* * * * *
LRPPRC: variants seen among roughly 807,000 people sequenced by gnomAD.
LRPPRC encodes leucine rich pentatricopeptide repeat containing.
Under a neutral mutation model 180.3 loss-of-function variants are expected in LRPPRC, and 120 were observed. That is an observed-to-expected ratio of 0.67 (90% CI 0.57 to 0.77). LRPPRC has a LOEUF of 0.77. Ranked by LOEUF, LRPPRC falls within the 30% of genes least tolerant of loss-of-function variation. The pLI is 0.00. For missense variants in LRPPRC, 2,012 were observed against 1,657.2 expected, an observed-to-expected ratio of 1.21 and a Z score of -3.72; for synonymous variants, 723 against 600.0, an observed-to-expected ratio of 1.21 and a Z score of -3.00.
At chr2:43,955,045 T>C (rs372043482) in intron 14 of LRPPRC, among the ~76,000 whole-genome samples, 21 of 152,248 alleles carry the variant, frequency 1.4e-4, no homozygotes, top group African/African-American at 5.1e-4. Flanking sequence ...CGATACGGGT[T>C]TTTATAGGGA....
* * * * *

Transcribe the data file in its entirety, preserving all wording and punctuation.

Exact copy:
LRPPRC: variants seen among roughly 807,000 people sequenced by gnomAD.
LRPPRC encodes leucine rich pentatricopeptide repeat containing.
Under a neutral mutation model 180.3 loss-of-function variants are expected in LRPPRC, and 120 were observed. That is an observed-to-expected ratio of 0.67 (90% CI 0.57 to 0.77). LRPPRC has a LOEUF of 0.77. Ranked by LOEUF, LRPPRC falls within the 30% of genes least tolerant of loss-of-function variation. The pLI is 0.00. For missense variants in LRPPRC, 2,012 were observed against 1,657.2 expected, an observed-to-expected ratio of 1.21 and a Z score of -3.72; for synonymous variants, 723 against 600.0, an observed-to-expected ratio of 1.21 and a Z score of -3.00.
At chr2:43,955,045 T>C (rs372043482) in intron 14 of LRPPRC, among the ~76,000 whole-genome samples, 21 of 152,248 alleles carry the variant, frequency 1.4e-4, no homozygotes, top group African/African-American at 5.1e-4. Flanking sequence ...CGATACGGGT[T>C]TTTATAGGGA....